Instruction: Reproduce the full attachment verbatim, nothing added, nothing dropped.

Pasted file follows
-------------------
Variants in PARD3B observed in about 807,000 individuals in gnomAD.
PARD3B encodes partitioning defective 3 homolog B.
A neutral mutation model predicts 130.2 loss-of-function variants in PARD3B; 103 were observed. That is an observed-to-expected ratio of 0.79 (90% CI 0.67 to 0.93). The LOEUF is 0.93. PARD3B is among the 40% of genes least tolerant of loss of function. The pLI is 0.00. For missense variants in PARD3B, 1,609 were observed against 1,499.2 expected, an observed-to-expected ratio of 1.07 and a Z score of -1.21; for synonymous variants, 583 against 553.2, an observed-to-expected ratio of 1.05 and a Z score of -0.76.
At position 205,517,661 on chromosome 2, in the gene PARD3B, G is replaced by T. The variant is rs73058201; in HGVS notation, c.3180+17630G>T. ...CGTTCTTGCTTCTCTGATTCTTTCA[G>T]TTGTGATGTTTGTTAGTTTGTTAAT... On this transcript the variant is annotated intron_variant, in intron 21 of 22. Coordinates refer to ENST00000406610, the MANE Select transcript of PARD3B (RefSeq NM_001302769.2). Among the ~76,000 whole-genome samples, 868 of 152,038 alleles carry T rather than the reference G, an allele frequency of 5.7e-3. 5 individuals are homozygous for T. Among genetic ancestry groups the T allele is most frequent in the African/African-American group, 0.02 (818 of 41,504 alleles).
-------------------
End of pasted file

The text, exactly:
Variants in PARD3B observed in about 807,000 individuals in gnomAD.
PARD3B encodes partitioning defective 3 homolog B.
A neutral mutation model predicts 130.2 loss-of-function variants in PARD3B; 103 were observed. That is an observed-to-expected ratio of 0.79 (90% CI 0.67 to 0.93). The LOEUF is 0.93. PARD3B is among the 40% of genes least tolerant of loss of function. The pLI is 0.00. For missense variants in PARD3B, 1,609 were observed against 1,499.2 expected, an observed-to-expected ratio of 1.07 and a Z score of -1.21; for synonymous variants, 583 against 553.2, an observed-to-expected ratio of 1.05 and a Z score of -0.76.
At position 205,517,661 on chromosome 2, in the gene PARD3B, G is replaced by T. The variant is rs73058201; in HGVS notation, c.3180+17630G>T. ...CGTTCTTGCTTCTCTGATTCTTTCA[G>T]TTGTGATGTTTGTTAGTTTGTTAAT... On this transcript the variant is annotated intron_variant, in intron 21 of 22. Coordinates refer to ENST00000406610, the MANE Select transcript of PARD3B (RefSeq NM_001302769.2). Among the ~76,000 whole-genome samples, 868 of 152,038 alleles carry T rather than the reference G, an allele frequency of 5.7e-3. 5 individuals are homozygous for T. Among genetic ancestry groups the T allele is most frequent in the African/African-American group, 0.02 (818 of 41,504 alleles).